It is not just animals. The texture of lotus-plant leaves may lead to water-repellent material that cleans itself. Researchers are looking to trees for ideas about how to make hard but light materials that would withstand bullets or knives. The architecture of wetlands has led to new water filtration systems.
Never before have so many researchers looked to nature for inspiration in their labs. Not that it is a new idea. The Wright brothers studied birds when they were trying to build an airplane, and the Eiffel Tower was constructed using the same principles that allow the human leg bones to deal with off-centre forces from the hip.
Velcro, perhaps the most famous biomimetic invention, was discovered because Swiss amateur inventor Georges de Mestral had a large and hairy dog that frequently got burrs caught in its fur. It occurred to him that this might be a good model for fastening two fabrics together, and the result was a new way to do up coats and shoes.
The idea is not to try to replicate nature in lab. Many early aviators actually did copy bird wings exactly, with disastrous results. Success came for the Wright brothers when they figured out fixed wings were the way to go, and propulsion would have to be handled some other way, Dr. Vincent says.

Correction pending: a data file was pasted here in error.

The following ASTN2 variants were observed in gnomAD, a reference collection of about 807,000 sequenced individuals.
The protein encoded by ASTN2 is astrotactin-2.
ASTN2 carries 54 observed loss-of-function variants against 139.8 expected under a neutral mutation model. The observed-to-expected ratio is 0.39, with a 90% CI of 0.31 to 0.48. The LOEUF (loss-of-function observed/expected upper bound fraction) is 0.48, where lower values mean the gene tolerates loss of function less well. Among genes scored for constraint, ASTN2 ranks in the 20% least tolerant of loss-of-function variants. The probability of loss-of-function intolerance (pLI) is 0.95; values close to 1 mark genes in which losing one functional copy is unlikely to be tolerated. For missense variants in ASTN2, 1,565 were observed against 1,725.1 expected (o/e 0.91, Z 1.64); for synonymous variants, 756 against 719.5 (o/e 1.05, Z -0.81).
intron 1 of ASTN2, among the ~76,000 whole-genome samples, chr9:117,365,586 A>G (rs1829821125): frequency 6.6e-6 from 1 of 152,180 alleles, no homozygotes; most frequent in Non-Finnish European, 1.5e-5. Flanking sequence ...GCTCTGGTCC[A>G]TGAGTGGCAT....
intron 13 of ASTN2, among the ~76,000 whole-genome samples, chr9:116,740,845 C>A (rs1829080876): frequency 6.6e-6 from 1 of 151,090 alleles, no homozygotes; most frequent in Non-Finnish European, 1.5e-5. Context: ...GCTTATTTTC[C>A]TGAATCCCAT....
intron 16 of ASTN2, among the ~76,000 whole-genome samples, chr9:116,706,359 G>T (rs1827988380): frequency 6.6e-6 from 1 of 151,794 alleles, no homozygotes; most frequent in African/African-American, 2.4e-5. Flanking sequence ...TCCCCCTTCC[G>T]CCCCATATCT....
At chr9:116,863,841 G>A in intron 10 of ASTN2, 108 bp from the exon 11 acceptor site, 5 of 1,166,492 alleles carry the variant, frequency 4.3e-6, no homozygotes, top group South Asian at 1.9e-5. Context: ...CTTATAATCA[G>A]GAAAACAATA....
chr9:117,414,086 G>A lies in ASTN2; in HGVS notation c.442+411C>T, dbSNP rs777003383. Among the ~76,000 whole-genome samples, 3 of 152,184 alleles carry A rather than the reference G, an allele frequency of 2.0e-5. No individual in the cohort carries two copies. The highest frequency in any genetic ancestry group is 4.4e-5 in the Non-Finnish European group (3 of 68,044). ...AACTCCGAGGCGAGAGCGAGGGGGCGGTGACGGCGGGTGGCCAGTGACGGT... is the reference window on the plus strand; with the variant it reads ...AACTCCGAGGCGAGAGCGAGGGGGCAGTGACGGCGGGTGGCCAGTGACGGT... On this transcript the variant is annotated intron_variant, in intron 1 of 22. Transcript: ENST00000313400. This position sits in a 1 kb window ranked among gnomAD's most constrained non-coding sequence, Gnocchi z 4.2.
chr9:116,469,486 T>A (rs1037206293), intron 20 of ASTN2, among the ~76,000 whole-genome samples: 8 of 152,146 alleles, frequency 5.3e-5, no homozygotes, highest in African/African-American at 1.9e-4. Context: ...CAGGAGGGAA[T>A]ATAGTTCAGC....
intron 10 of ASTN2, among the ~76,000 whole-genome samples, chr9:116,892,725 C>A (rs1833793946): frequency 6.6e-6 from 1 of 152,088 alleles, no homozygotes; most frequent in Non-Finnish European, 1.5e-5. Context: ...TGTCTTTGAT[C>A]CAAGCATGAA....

The idea is to mimic aspects of nature. Over millions of years, nature, through evolution, has come up with solutions to problems such as how to stick to a wet rock while being pounded by waves. Why invent underwater glue from scratch when the blue mussel already has the formula?
The problem is, it is highly unlikely that a researcher who would devote 30 years to studying the blue mussel would also happen to have a passionate interest in glue. It is one of the limitations of biomimetrics. Two very different fields, biology and engineering, which often attract very different kinds of minds, have to come together.
Herb Waite is a mussel man, not a glue man, but the University of California biologist did the pioneering work on the mussel adhesive, figuring out the basics of how it works and its chemical formula. He was focused on its potential applications.
Then Phillip Messersmith, a biomedical engineer working at Northwestern University's school of dentistry, came across Dr. Waite's work and decided mussel glue would be great for reconstructive dental surgery. His team has developed a glue that it believes is nearly as good as the real thing.
Stories like this intrigue Lily Shu, a University of Toronto professor in the department of mechanical and industrial engineering. She is fascinated by how people like Dr. Messersmith find out about the work of people like Dr. Waite.
As she puts it, most engineers are trying to solve a specific problem and don't have the luxury of developing products based on interesting phenomena they happened upon. Biologists see it a different way. Dr. Waite says there are two kinds of researchers, those take the initiative and the risk of studying something that fascinates them, and those who follow up on their work.